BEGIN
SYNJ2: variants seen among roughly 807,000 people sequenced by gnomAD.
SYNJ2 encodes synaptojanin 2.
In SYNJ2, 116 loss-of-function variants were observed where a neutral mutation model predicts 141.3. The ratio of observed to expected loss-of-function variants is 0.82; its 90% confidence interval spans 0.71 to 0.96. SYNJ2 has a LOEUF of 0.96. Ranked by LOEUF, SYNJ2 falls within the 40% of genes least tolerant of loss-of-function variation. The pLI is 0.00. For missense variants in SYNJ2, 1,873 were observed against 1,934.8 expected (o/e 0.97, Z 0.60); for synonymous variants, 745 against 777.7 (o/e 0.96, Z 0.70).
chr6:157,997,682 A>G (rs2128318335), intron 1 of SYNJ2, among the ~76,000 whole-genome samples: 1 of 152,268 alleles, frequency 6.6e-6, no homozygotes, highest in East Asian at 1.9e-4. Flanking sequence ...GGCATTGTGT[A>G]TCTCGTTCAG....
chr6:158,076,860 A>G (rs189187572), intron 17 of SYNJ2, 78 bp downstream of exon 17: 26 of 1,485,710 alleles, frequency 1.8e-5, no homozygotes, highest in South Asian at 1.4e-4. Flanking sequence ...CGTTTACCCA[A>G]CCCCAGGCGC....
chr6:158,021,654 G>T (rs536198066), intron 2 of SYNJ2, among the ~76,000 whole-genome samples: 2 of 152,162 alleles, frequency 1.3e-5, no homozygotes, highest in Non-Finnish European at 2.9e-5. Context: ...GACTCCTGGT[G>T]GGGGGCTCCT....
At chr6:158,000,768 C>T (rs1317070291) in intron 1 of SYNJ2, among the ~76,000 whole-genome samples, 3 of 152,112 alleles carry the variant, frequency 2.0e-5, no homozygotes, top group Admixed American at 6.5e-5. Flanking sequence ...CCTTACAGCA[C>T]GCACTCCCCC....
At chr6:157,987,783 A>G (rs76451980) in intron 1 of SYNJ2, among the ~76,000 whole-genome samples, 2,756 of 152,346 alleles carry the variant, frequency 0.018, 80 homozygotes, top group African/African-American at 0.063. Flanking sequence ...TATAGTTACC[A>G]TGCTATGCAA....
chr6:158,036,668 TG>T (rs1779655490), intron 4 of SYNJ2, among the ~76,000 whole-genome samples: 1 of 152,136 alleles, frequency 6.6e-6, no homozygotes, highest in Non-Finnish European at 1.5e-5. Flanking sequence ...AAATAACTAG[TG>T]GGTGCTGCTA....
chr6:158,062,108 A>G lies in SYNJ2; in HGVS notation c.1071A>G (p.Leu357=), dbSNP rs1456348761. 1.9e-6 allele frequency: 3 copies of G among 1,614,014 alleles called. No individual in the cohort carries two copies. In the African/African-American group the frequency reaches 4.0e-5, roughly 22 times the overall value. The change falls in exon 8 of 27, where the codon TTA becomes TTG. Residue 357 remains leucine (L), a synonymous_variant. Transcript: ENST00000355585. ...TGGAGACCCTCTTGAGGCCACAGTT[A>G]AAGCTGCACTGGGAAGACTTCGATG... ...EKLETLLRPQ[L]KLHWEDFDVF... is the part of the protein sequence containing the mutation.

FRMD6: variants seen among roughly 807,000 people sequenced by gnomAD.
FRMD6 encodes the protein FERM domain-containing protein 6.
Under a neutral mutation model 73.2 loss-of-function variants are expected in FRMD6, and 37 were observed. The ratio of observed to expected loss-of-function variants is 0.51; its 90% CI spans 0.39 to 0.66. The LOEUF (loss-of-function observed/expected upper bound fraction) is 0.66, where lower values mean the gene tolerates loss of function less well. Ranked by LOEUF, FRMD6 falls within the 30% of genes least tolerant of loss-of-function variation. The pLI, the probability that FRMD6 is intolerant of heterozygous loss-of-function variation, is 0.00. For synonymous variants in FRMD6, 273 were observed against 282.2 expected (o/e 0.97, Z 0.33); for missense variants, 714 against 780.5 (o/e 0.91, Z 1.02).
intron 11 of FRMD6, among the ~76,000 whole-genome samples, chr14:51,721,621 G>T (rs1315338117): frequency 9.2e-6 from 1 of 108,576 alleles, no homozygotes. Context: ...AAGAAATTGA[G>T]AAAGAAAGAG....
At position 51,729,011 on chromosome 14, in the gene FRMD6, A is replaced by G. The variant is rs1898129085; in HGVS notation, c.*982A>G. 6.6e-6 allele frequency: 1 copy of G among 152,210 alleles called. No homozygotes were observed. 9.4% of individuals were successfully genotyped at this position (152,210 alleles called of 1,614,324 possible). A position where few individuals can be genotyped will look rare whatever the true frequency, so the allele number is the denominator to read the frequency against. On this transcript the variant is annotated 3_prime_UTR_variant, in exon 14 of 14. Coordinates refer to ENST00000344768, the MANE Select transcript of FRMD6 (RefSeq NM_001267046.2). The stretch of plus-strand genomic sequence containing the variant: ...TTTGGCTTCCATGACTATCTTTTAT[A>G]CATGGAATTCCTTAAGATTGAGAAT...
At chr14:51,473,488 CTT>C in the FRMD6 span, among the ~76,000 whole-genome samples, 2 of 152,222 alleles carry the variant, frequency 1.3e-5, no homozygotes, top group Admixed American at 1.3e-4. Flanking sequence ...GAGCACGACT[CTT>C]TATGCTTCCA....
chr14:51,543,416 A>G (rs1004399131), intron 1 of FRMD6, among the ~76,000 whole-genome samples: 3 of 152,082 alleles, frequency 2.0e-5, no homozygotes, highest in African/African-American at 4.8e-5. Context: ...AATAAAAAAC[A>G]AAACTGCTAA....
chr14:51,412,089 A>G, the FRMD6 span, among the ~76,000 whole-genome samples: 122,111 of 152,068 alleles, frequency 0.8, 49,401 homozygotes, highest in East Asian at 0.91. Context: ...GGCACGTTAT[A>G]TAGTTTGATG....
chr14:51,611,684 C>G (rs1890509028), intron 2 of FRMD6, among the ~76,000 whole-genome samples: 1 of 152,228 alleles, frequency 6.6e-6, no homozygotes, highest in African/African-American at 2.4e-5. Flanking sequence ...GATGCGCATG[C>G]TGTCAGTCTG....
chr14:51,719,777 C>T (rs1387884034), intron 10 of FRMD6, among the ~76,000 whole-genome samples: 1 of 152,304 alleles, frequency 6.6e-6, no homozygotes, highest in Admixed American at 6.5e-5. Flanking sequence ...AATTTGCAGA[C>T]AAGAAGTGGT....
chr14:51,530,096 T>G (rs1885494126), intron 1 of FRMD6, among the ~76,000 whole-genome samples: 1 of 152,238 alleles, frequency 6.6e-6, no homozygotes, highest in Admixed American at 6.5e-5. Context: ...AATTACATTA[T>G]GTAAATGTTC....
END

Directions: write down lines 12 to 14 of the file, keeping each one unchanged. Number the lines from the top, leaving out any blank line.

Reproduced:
FRMD6 encodes the protein FERM domain-containing protein 6.
Under a neutral mutation model 73.2 loss-of-function variants are expected in FRMD6, and 37 were observed. The ratio of observed to expected loss-of-function variants is 0.51; its 90% CI spans 0.39 to 0.66. The LOEUF (loss-of-function observed/expected upper bound fraction) is 0.66, where lower values mean the gene tolerates loss of function less well. Ranked by LOEUF, FRMD6 falls within the 30% of genes least tolerant of loss-of-function variation. The pLI, the probability that FRMD6 is intolerant of heterozygous loss-of-function variation, is 0.00. For synonymous variants in FRMD6, 273 were observed against 282.2 expected (o/e 0.97, Z 0.33); for missense variants, 714 against 780.5 (o/e 0.91, Z 1.02).
intron 11 of FRMD6, among the ~76,000 whole-genome samples, chr14:51,721,621 G>T (rs1315338117): frequency 9.2e-6 from 1 of 108,576 alleles, no homozygotes. Context: ...AAGAAATTGA[G>T]AAAGAAAGAG....